0 comments

There is a lie which we continue to live by, repeated by Republicans whenever they get the chance: "We have never been a nation of haves and have-nots. We are a nation of haves and soon-to-haves, of people who have made it and people who will make it. And that's who we need to remain.", Senator Marco Rubio. Unfortunately, this is no longer true (if it ever was). More from the Times article:
Researchers have repeatedly found that in the United States, there is now less economic mobility than in Canada or much of Europe. A child born in the bottom quintile of incomes in the United States has only a 4 percent chance of rising to the top quintile.

So, if you are born within the lower 20% of the population in income, your chance of finding yourself among the upper 20% is about 1 out of 25. Those are not good odds. It appears that there are quite a lot of talented people who do not “make it”.  And the “upper 20%” cannot hold a candle to the upper 1%, in terms of income. In 2006 the upper 20% of households made $92,000 and up, while the top 1% made $350,000 and up. Note that this was 10 years ago, before the Great Recession – now the gap has increased further. It will be informative what the next Census reports.

This may not be the “Land of Opportunity.” Just about anyone who has lost a job recently can attest to that. The jobs have left our shores. In just one period, the United States lost 6 million manufacturing jobs between early 2001 and late 2009. Manufacturing jobs are historically among the better-paying jobs.  And things have not improved for manufacturing since then. From 2007 to 2015 we lost 15,000 production facilities and 2 million jobs.  In short, this means that those who are working now, if they are working now, are no longer working at well-paying manufacturing jobs, but instead low-paying retail jobs. And the chance of advancement to much higher pay levels is around 1 out of 25.
 
What does this mean for our Democracy? Well for starters, a Democracy, at the least, should support its people at a pay level that allows for the basics in life – a place to live, with good health care. But for many of us even those low levels of expectation are not being met. So what are our political leaders doing about it? Well, most Republicans are trying to take us in the wrong direction: No increase in minimum wage, not any minimum wage. Nor any federal provision for general health care. Instead we are fed lies about opportunity, and how a rising tide lifts all boats. But the tide is not rising and “the market” will not provide for all. Instead Republican policies will expose large numbers of Americans to abject poverty and suffering.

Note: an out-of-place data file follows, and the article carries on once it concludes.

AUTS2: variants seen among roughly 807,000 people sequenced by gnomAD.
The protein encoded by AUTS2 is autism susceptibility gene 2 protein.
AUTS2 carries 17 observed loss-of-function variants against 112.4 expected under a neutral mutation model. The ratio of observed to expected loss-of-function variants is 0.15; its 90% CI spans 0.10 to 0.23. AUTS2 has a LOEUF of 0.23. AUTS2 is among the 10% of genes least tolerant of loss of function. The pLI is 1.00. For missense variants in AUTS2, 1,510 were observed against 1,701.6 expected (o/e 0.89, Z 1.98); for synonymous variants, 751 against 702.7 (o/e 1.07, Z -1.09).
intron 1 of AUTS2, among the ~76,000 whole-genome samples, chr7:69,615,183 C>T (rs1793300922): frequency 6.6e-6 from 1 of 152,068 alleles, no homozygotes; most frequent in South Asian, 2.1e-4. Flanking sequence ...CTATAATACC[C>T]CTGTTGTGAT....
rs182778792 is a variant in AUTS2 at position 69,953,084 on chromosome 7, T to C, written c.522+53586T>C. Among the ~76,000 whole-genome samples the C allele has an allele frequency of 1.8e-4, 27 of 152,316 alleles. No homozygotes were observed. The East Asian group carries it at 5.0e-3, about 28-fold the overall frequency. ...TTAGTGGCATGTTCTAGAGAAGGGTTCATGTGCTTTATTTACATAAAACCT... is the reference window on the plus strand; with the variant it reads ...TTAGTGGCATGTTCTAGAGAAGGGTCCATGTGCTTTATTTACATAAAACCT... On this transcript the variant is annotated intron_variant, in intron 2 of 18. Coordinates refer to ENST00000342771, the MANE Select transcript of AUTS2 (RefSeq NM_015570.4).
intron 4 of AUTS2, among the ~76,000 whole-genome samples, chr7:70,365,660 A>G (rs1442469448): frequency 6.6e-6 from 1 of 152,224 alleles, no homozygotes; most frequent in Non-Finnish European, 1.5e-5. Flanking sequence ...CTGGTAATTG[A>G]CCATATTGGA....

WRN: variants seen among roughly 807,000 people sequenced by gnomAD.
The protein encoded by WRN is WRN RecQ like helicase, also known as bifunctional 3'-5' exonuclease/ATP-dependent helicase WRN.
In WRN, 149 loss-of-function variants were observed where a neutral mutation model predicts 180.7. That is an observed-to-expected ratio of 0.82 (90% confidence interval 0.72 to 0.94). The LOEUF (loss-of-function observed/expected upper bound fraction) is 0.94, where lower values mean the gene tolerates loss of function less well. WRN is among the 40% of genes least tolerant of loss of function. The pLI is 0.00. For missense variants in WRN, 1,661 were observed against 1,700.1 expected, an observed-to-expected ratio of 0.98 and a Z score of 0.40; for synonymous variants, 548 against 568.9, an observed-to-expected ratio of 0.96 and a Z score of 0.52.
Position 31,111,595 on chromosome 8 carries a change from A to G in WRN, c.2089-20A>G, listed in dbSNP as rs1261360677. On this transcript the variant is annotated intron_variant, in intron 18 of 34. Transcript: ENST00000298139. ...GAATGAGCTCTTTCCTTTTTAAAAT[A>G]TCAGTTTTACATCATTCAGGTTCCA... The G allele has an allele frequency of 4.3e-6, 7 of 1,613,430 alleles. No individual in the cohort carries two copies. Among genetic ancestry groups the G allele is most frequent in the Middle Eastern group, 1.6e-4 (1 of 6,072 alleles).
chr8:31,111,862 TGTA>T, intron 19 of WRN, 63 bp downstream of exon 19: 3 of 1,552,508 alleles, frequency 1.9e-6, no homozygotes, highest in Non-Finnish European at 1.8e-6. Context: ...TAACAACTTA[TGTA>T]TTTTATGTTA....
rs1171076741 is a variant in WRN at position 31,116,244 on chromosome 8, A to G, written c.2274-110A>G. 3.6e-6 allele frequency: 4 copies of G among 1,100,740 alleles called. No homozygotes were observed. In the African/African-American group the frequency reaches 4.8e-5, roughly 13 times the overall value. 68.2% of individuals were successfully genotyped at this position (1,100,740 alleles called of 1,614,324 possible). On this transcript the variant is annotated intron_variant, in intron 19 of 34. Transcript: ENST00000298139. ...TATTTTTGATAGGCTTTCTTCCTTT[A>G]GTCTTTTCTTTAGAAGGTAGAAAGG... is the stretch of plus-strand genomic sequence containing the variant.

But what are Democrats doing to support those out of work or in low paying jobs? They are doing some good things. The Patient Protection and Affordable Care Act (PPACA), commonly called the Affordable Care Act (ACA), aka “Obamacare”, is a major step in the right direction. Furthermore, President Obama has pushed to raise the minimum wage to $10.10 an hour, and has signed an Executive Order to raise the minimum wage to $10.10 for the individuals working on new federal service contracts. Both Bernie Sanders and Hillary Clinton support a higher minimum wage, Clinton pushing for a $12 level and Sanders for $15.
 
But there is some serious trouble on the horizon: President Obama has been successfully pushing forward a number of “free trade agreements” that will likely cost us more jobs. And there are secret provisions in these agreements that will probably increase the costs of medicines. And other provisions even undermine our rights to protect our living environment and ensure workplace safety. Why is he doing such a thing? -That is a question best covered in a whole other essay. But what about the 2016 presidential Democratic candidates positions? Hillary Clinton has hesitated to say much about it, though has stated without going into details that we must “make sure we get the best strongest deal possible …And if we don’t get it, there should be no deal."
 
Sen. Bernie Sanders, on the other hand, has come out strongly in opposition. Sanders gives a detailed argument that the TPP must be defeated. Of the several major reasons he gives, the following stands out:
This is not "free trade." This is the race to the bottom. ...the TPP will lead to the loss of decent-paying jobs and will depress wages.”, andthe TPP would also undermine democracy by giving multi-national corporations the right to challenge any law that could reduce their "expected future profits" through what is known as the Investor State Dispute Settlement (ISDS) system.

It is clear that Bernie Sanders defends the American worker against the effects of the TPP, while Hillary Clinton would rather not say. The big question remains – Why would an American President support such a thing as the TPP? Possible answers lie in further exploration of why our democracy is in deep do-do.

 




Comments

There are currently no comments

Tweet